Inhibition of IRGM establishes a robust antiviral immune state to restrict pathogenic viruses

Parej Nath, Nishant Ranjan Chauhan, Kautilya Kumar Jena, Ankita Datey, Nilima Dinesh Kumar, Subhash Mehto, Saikat De, Tapas Kumar Nayak, Swatismita Priyadarsini, Kshitish Rout, Ramyasingh Bal, Krushna C. Murmu, Manjula Kalia, Srinivas Patnaik, Punit Prasad, Fulvio Reggiori, Soma Chattopadhyay, Santosh Chauhan

Research output: Contribution to journalArticlepeer-review


The type I interferon (IFN) response is the major host arsenal against invading viruses. IRGM is a negative regulator of IFN responses under basal conditions. However, the role of human IRGM during viral infection has remained unclear. In this study, we show that IRGM expression is increased upon viral infection. IFN responses induced by viral PAMPs are negatively regulated by IRGM. Conversely, IRGM depletion results in a robust induction of key viral restriction factors including IFITMs, APOBECs, SAMHD1, tetherin, viperin, and HERC5/6. Additionally, antiviral processes such as MHC-I antigen presentation and stress granule signaling are enhanced in IRGM-deficient cells, indicating a robust cell-intrinsic antiviral immune state. Consistently, IRGM-depleted cells are resistant to the infection with seven viruses from five different families, including Togaviridae, Herpesviridae, Flaviviverdae, Rhabdoviridae, and Coronaviridae. Moreover, we show that Irgm1 knockout mice are highly resistant to chikungunya virus (CHIKV) infection. Altogether, our work highlights IRGM as a broad therapeutic target to promote defense against a large number of human viruses, including SARS-CoV-2, CHIKV, and Zika virus.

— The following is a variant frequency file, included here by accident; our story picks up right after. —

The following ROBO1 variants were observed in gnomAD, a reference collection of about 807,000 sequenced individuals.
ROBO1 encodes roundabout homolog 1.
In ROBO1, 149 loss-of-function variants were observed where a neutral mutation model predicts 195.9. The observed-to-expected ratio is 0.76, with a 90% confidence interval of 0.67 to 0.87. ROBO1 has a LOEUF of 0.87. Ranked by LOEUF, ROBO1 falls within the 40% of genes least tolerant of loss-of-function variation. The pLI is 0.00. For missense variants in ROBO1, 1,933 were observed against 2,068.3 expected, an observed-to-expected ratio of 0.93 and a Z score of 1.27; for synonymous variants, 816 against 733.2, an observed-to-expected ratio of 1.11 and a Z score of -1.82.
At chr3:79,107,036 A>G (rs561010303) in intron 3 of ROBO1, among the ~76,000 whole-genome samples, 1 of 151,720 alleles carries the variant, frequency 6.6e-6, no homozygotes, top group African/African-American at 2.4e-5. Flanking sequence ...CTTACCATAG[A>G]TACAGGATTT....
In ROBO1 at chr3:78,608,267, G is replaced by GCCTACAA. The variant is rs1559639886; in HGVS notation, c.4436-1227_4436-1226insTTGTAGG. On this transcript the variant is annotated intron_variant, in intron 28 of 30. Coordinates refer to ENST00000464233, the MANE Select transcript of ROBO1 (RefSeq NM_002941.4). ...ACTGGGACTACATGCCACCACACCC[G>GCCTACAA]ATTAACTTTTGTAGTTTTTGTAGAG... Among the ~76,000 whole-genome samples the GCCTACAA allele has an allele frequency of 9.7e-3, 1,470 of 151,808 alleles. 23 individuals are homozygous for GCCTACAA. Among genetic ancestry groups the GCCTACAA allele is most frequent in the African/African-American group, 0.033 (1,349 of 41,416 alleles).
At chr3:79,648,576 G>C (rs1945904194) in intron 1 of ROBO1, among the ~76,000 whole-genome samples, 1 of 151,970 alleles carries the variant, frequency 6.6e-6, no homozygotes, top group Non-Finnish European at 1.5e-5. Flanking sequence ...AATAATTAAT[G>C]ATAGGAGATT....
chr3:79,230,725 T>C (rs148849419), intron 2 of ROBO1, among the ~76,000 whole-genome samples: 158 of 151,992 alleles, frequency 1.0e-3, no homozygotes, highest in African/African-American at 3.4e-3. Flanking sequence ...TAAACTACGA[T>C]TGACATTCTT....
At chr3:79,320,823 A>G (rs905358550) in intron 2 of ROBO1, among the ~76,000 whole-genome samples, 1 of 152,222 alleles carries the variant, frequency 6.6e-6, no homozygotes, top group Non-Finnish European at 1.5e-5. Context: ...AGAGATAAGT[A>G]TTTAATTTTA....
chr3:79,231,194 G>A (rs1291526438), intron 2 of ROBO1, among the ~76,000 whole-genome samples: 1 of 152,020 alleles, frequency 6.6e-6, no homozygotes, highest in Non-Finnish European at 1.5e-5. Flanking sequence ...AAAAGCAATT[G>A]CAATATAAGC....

Original languageEnglish (US)
Article numbere52948
JournalEMBO reports
Issue number11
StatePublished - Nov 4 2021
Externally publishedYes


  • IRGM
  • IRGM1
  • SARS-CoV-2
  • ZIKV

ASJC Scopus subject areas

  • Biochemistry
  • Molecular Biology
  • Genetics


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